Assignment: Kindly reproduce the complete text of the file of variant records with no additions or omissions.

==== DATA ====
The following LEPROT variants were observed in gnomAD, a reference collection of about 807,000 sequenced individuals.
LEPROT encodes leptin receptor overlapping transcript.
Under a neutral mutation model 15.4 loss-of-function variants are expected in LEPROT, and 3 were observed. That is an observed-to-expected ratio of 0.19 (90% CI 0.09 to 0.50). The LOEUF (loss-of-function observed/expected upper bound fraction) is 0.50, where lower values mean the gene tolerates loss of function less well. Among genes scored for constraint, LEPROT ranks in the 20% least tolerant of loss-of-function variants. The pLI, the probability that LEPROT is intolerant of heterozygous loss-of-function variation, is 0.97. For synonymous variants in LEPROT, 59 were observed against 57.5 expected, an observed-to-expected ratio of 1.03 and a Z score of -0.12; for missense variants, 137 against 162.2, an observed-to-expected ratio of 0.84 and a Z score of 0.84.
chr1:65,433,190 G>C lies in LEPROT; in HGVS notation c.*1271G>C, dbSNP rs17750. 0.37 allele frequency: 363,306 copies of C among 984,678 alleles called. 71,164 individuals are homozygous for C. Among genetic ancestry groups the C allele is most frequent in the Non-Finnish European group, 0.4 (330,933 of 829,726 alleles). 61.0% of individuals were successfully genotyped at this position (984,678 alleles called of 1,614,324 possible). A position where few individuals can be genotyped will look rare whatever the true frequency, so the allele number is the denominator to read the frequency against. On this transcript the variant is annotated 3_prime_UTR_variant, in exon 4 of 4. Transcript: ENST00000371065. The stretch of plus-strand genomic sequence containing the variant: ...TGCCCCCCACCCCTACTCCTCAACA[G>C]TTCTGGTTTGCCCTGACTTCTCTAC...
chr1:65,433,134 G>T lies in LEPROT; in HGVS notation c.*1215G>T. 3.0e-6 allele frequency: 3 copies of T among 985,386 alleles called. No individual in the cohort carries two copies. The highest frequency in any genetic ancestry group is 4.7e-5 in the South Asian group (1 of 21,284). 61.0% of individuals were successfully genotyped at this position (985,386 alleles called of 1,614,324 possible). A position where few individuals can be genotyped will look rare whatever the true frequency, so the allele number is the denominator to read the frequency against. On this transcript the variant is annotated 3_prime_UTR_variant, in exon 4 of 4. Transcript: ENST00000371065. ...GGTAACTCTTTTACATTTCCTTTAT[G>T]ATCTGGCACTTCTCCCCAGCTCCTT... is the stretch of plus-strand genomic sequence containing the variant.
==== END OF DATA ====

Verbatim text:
The following LEPROT variants were observed in gnomAD, a reference collection of about 807,000 sequenced individuals.
LEPROT encodes leptin receptor overlapping transcript.
Under a neutral mutation model 15.4 loss-of-function variants are expected in LEPROT, and 3 were observed. That is an observed-to-expected ratio of 0.19 (90% CI 0.09 to 0.50). The LOEUF (loss-of-function observed/expected upper bound fraction) is 0.50, where lower values mean the gene tolerates loss of function less well. Among genes scored for constraint, LEPROT ranks in the 20% least tolerant of loss-of-function variants. The pLI, the probability that LEPROT is intolerant of heterozygous loss-of-function variation, is 0.97. For synonymous variants in LEPROT, 59 were observed against 57.5 expected, an observed-to-expected ratio of 1.03 and a Z score of -0.12; for missense variants, 137 against 162.2, an observed-to-expected ratio of 0.84 and a Z score of 0.84.
chr1:65,433,190 G>C lies in LEPROT; in HGVS notation c.*1271G>C, dbSNP rs17750. 0.37 allele frequency: 363,306 copies of C among 984,678 alleles called. 71,164 individuals are homozygous for C. Among genetic ancestry groups the C allele is most frequent in the Non-Finnish European group, 0.4 (330,933 of 829,726 alleles). 61.0% of individuals were successfully genotyped at this position (984,678 alleles called of 1,614,324 possible). A position where few individuals can be genotyped will look rare whatever the true frequency, so the allele number is the denominator to read the frequency against. On this transcript the variant is annotated 3_prime_UTR_variant, in exon 4 of 4. Transcript: ENST00000371065. The stretch of plus-strand genomic sequence containing the variant: ...TGCCCCCCACCCCTACTCCTCAACA[G>C]TTCTGGTTTGCCCTGACTTCTCTAC...
chr1:65,433,134 G>T lies in LEPROT; in HGVS notation c.*1215G>T. 3.0e-6 allele frequency: 3 copies of T among 985,386 alleles called. No individual in the cohort carries two copies. The highest frequency in any genetic ancestry group is 4.7e-5 in the South Asian group (1 of 21,284). 61.0% of individuals were successfully genotyped at this position (985,386 alleles called of 1,614,324 possible). A position where few individuals can be genotyped will look rare whatever the true frequency, so the allele number is the denominator to read the frequency against. On this transcript the variant is annotated 3_prime_UTR_variant, in exon 4 of 4. Transcript: ENST00000371065. ...GGTAACTCTTTTACATTTCCTTTAT[G>T]ATCTGGCACTTCTCCCCAGCTCCTT... is the stretch of plus-strand genomic sequence containing the variant.